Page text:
5:48 PM

The Black Company

The Black Company


The Dominator is an extremely powerful wizard who has the ability to turn his bitterest enemies into his loyal servants, even those nearly his equal in magic (hence the name). The most potent of his victims are called the Ten Who Were Taken, or just Taken for short. With his wife, the Lady (whose magical skill is second only to his), he founded an empire unrivaled for evil. It was overthrown by a rebellion led by the White Rose, but neither she nor the rebel wizards were strong enough to kill the Dominator, the Lady or the Taken. The best they could do was to render them unconscious and imprison them. Their prison was a place called The Barrowland. They were imprisoned in Barrows. (Hence the Name Barrowland)
5:35 PM

Runelords 08 - Chaosbound

Runelords 08 - Chaosbound


In a time of myth and legend, among the Runelords it is told that there was once One True World, whole and perfect. But an ancient enemy sought to wrest control of it, and the world shattered into countless "shadow worlds," each a dim reflection of that bright, perfect world. Armed with his sorcerous powers, Fallion Orden has sought to bind two worlds, but it is an experiment that goes terrbily awry, for now Fallion discovers that he has unleashed his ancient enemies upon his own world. . . .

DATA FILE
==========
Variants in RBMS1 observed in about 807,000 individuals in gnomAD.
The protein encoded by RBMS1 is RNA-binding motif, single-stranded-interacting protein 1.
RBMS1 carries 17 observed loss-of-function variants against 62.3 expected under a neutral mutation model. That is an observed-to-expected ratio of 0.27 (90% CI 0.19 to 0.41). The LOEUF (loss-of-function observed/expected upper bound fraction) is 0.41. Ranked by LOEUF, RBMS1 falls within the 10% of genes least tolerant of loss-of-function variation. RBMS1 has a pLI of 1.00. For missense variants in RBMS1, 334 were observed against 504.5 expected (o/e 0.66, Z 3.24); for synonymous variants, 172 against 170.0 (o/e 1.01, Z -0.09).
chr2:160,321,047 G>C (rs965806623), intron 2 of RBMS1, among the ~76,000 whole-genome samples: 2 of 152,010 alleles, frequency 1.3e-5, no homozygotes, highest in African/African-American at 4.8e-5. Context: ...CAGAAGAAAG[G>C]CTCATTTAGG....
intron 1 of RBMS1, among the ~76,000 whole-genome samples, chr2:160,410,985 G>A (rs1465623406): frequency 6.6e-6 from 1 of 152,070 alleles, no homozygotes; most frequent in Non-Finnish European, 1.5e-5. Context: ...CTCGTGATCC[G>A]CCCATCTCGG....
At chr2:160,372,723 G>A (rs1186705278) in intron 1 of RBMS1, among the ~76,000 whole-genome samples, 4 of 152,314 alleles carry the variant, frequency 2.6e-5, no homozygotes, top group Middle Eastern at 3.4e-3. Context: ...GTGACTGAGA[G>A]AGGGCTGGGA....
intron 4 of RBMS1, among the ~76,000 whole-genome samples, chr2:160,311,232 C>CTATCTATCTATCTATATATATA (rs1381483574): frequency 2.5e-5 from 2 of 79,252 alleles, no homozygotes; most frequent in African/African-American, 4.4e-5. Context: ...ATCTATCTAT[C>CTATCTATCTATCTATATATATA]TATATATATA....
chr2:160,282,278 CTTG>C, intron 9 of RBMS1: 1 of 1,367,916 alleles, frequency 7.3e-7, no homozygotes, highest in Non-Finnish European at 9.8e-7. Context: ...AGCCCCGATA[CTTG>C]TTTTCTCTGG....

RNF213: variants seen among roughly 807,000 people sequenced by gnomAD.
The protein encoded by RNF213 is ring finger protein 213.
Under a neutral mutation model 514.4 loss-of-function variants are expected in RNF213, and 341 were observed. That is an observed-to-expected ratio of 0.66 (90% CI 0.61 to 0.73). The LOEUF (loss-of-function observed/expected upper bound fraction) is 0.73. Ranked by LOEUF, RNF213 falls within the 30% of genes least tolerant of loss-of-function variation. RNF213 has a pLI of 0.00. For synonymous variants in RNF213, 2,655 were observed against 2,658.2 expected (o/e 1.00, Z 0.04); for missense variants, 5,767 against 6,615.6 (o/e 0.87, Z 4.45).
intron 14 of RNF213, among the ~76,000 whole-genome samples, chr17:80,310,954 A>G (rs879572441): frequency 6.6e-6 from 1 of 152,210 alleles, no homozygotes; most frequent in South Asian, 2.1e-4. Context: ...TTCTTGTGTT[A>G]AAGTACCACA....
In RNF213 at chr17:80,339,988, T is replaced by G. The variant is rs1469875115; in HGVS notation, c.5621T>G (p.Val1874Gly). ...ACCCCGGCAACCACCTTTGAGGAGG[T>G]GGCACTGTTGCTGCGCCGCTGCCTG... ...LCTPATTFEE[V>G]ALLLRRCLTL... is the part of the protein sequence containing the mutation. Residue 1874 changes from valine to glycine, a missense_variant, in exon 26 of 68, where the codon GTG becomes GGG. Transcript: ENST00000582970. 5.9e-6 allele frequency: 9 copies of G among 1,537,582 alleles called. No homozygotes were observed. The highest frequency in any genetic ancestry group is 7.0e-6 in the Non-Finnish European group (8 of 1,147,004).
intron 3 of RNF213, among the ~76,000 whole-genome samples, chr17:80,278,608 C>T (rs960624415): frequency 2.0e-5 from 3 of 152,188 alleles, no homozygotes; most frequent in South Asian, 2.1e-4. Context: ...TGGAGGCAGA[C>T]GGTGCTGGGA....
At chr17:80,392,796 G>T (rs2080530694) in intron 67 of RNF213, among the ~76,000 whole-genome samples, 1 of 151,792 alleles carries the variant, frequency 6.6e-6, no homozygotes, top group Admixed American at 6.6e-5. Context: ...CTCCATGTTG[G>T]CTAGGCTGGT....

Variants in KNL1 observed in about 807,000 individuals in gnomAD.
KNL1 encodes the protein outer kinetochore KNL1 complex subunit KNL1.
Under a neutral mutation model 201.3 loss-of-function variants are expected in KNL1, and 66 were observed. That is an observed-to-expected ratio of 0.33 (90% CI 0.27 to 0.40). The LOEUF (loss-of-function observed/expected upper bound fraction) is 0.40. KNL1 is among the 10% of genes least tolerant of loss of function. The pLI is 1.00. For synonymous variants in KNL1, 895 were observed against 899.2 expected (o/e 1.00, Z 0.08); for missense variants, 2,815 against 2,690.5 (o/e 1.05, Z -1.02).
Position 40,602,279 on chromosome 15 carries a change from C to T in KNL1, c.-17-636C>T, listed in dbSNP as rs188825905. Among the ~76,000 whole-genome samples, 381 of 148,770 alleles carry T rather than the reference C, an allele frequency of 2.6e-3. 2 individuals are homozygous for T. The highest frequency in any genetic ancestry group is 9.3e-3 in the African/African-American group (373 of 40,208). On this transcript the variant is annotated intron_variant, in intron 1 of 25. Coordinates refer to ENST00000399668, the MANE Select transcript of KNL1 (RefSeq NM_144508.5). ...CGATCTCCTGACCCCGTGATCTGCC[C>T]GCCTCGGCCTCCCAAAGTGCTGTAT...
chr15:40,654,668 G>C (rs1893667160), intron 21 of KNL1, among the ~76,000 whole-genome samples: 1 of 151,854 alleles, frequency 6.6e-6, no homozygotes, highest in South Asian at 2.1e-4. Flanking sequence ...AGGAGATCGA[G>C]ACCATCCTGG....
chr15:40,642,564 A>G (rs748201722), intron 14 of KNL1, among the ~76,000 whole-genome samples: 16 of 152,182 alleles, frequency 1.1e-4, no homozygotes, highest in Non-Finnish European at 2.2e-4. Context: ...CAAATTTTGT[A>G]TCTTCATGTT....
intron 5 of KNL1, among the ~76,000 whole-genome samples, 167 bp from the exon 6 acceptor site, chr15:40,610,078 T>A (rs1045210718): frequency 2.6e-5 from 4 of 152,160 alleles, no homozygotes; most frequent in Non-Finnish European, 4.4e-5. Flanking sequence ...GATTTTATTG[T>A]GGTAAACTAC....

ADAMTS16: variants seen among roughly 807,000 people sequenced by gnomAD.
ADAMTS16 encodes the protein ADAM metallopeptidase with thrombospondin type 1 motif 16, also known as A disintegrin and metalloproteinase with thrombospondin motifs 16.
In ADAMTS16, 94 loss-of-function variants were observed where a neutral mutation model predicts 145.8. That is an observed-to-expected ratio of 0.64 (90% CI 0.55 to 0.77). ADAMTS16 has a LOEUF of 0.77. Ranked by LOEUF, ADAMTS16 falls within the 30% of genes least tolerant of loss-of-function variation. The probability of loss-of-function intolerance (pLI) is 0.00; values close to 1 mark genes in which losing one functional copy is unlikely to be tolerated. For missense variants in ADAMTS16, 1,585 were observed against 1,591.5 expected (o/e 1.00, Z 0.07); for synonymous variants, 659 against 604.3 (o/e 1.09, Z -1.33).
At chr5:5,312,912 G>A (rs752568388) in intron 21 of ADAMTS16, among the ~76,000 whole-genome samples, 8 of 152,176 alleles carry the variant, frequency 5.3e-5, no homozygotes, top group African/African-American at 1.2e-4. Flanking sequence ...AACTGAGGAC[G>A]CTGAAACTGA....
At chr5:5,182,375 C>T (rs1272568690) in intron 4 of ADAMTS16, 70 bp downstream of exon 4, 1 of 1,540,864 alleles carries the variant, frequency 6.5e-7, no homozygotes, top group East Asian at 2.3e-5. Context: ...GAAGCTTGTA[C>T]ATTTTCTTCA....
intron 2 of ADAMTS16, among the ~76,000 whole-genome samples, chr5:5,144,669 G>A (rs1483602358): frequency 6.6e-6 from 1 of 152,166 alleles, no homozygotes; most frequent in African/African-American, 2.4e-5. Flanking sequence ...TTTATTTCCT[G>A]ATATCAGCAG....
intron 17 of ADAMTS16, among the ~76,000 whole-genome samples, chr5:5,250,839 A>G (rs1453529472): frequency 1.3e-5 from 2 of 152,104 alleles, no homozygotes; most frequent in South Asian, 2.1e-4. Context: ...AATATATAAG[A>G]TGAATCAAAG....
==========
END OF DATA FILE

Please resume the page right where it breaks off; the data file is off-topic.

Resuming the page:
5:32 PM

Runelords 07 - The Wyrmling Horde

Runelords 07 - The Wyrmling Horde


Now the epic story continues: at the end of Worldbinder, Fallion Orden, son of Gaborn, was imprisoned on a strange and fantastic world that he created by combining two alternate realities. It's a world brimming with dark magic, ruled by a creature of unrelenting evil who is gathering monstrous armies from a dozen planets in a bid to conquer the universe. Only Fallion has the power to mend the worlds, but at the heart of a city that is a vast prison, he lies in shackles. The forces of evil are growing and will soon rage across the heavens. Now, Fallion's allies must risk everything in an attempt to free him from the wyrmling horde.